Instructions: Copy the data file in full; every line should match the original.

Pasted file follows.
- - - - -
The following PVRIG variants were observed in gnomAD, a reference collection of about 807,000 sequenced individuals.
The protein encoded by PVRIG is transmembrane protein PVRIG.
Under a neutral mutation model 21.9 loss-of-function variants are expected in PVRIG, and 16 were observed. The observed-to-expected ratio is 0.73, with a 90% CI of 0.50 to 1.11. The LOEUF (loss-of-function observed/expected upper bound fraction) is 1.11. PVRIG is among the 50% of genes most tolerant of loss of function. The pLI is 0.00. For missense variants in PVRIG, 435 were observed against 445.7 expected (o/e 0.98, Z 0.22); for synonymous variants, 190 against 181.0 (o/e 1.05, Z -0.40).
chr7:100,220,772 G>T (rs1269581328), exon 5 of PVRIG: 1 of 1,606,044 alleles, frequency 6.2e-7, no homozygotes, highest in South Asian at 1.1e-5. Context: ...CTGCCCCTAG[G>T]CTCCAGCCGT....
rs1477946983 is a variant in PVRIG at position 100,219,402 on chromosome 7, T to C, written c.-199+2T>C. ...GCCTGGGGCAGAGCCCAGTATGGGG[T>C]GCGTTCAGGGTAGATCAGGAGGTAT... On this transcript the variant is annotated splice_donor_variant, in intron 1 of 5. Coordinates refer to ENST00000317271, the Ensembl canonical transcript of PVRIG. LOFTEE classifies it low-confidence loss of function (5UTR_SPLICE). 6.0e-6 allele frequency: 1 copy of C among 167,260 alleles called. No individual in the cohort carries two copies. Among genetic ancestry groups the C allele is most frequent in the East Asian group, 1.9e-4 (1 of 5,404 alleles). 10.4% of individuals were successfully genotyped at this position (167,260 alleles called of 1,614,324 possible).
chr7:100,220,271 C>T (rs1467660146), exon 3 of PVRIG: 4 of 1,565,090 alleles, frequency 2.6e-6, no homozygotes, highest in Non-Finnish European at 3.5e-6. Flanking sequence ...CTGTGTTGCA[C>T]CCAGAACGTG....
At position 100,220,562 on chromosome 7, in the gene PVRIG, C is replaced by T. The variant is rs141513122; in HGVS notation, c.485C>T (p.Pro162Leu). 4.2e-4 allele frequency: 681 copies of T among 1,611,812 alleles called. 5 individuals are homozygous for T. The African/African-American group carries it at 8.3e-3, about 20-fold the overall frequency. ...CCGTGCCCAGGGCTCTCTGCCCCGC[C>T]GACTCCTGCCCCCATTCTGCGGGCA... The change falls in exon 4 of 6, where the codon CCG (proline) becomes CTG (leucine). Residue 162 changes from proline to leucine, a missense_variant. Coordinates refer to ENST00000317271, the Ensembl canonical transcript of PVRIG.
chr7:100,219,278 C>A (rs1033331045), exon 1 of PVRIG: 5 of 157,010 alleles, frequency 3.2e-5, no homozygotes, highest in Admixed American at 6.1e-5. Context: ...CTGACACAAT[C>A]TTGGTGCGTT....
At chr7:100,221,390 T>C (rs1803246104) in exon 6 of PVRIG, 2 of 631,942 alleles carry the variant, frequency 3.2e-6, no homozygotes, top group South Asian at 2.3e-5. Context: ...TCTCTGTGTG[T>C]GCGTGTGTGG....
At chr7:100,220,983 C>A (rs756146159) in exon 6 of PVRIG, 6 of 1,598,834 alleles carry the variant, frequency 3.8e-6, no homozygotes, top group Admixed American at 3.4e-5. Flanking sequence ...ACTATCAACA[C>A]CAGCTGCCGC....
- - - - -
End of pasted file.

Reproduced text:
The following PVRIG variants were observed in gnomAD, a reference collection of about 807,000 sequenced individuals.
The protein encoded by PVRIG is transmembrane protein PVRIG.
Under a neutral mutation model 21.9 loss-of-function variants are expected in PVRIG, and 16 were observed. The observed-to-expected ratio is 0.73, with a 90% CI of 0.50 to 1.11. The LOEUF (loss-of-function observed/expected upper bound fraction) is 1.11. PVRIG is among the 50% of genes most tolerant of loss of function. The pLI is 0.00. For missense variants in PVRIG, 435 were observed against 445.7 expected (o/e 0.98, Z 0.22); for synonymous variants, 190 against 181.0 (o/e 1.05, Z -0.40).
chr7:100,220,772 G>T (rs1269581328), exon 5 of PVRIG: 1 of 1,606,044 alleles, frequency 6.2e-7, no homozygotes, highest in South Asian at 1.1e-5. Context: ...CTGCCCCTAG[G>T]CTCCAGCCGT....
rs1477946983 is a variant in PVRIG at position 100,219,402 on chromosome 7, T to C, written c.-199+2T>C. ...GCCTGGGGCAGAGCCCAGTATGGGG[T>C]GCGTTCAGGGTAGATCAGGAGGTAT... On this transcript the variant is annotated splice_donor_variant, in intron 1 of 5. Coordinates refer to ENST00000317271, the Ensembl canonical transcript of PVRIG. LOFTEE classifies it low-confidence loss of function (5UTR_SPLICE). 6.0e-6 allele frequency: 1 copy of C among 167,260 alleles called. No individual in the cohort carries two copies. Among genetic ancestry groups the C allele is most frequent in the East Asian group, 1.9e-4 (1 of 5,404 alleles). 10.4% of individuals were successfully genotyped at this position (167,260 alleles called of 1,614,324 possible).
chr7:100,220,271 C>T (rs1467660146), exon 3 of PVRIG: 4 of 1,565,090 alleles, frequency 2.6e-6, no homozygotes, highest in Non-Finnish European at 3.5e-6. Flanking sequence ...CTGTGTTGCA[C>T]CCAGAACGTG....
At position 100,220,562 on chromosome 7, in the gene PVRIG, C is replaced by T. The variant is rs141513122; in HGVS notation, c.485C>T (p.Pro162Leu). 4.2e-4 allele frequency: 681 copies of T among 1,611,812 alleles called. 5 individuals are homozygous for T. The African/African-American group carries it at 8.3e-3, about 20-fold the overall frequency. ...CCGTGCCCAGGGCTCTCTGCCCCGC[C>T]GACTCCTGCCCCCATTCTGCGGGCA... The change falls in exon 4 of 6, where the codon CCG (proline) becomes CTG (leucine). Residue 162 changes from proline to leucine, a missense_variant. Coordinates refer to ENST00000317271, the Ensembl canonical transcript of PVRIG.
chr7:100,219,278 C>A (rs1033331045), exon 1 of PVRIG: 5 of 157,010 alleles, frequency 3.2e-5, no homozygotes, highest in Admixed American at 6.1e-5. Context: ...CTGACACAAT[C>A]TTGGTGCGTT....
At chr7:100,221,390 T>C (rs1803246104) in exon 6 of PVRIG, 2 of 631,942 alleles carry the variant, frequency 3.2e-6, no homozygotes, top group South Asian at 2.3e-5. Context: ...TCTCTGTGTG[T>C]GCGTGTGTGG....
At chr7:100,220,983 C>A (rs756146159) in exon 6 of PVRIG, 6 of 1,598,834 alleles carry the variant, frequency 3.8e-6, no homozygotes, top group Admixed American at 3.4e-5. Flanking sequence ...ACTATCAACA[C>A]CAGCTGCCGC....